If you wish to comment on the permit application or the HCP, you may submit your comments to the address listed in the ADDRESSES section of this document. For internal tracking purposes, please refer to permit number TE 028219-0 when submitting comments. Comments and materials received, including names and addresses of respondents, will be available for public review, by appointment, during normal business hours at the address in the ADDRESSES section above and will become part of the public record, pursuant to section 10(c) of the Act. Individual respondents may request that we withhold their home address from the record, which we will honor to the extent allowable by law. There also may be circumstances in which we would withhold from the record a respondent's identity, as allowable by law. If you wish us to withhold your name and/or address, you must state this prominently at the beginning of your comment. Anonymous comments will not be considered. All submissions from organizations or businesses, and from individuals identifying themselves as representatives or officials of organizations or businesses, are available for public inspection in their entirety.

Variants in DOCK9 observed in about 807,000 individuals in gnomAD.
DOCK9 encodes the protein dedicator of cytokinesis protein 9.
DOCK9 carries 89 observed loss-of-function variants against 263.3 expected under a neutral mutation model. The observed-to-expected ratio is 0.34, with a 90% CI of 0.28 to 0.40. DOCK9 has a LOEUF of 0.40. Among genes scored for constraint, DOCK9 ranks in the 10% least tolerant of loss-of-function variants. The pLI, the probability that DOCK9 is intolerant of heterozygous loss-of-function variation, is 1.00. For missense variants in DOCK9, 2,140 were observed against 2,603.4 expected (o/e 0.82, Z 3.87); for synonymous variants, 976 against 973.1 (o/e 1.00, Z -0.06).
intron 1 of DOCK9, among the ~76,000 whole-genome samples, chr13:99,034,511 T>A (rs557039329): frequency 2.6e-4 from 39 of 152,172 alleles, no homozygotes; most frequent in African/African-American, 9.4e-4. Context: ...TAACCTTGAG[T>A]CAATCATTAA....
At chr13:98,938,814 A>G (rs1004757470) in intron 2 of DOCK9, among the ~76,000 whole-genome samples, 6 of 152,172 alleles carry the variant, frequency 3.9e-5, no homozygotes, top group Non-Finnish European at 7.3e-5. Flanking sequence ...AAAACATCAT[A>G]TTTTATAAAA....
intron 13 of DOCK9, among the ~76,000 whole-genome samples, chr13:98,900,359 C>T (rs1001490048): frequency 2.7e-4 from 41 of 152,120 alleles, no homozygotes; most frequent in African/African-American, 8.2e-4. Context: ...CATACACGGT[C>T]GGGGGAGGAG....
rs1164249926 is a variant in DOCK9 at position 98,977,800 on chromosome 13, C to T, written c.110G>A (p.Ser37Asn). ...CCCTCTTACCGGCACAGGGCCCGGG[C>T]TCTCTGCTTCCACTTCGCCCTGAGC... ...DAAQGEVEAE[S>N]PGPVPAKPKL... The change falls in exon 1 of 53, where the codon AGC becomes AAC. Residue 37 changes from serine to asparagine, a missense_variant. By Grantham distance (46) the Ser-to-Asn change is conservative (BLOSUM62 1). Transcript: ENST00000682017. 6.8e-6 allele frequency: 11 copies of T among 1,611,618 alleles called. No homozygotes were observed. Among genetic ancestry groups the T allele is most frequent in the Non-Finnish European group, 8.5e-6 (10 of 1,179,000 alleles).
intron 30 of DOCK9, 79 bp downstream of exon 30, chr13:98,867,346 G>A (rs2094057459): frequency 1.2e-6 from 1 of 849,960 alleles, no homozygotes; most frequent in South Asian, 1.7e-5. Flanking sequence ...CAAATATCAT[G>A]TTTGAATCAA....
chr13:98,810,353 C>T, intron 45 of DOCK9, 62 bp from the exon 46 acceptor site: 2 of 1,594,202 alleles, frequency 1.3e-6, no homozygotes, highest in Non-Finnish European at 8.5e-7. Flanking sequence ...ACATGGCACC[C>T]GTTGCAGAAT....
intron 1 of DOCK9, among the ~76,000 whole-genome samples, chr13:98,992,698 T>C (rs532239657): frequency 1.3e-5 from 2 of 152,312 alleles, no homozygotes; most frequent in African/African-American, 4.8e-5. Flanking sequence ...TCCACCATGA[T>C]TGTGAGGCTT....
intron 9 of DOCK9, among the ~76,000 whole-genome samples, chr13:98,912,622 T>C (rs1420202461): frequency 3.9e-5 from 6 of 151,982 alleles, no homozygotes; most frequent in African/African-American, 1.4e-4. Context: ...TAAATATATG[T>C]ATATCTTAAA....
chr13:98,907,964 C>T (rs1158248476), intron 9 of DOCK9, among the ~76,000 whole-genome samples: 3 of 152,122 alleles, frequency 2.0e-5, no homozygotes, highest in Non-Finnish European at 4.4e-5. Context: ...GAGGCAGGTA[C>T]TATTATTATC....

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Dated: April 19, 2001.

Don Weathers,

Deputy Regional Director, Region 1, Portland, Oregon.

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[FR Doc. 01-10763 Filed 4-30-01; 8:45 am]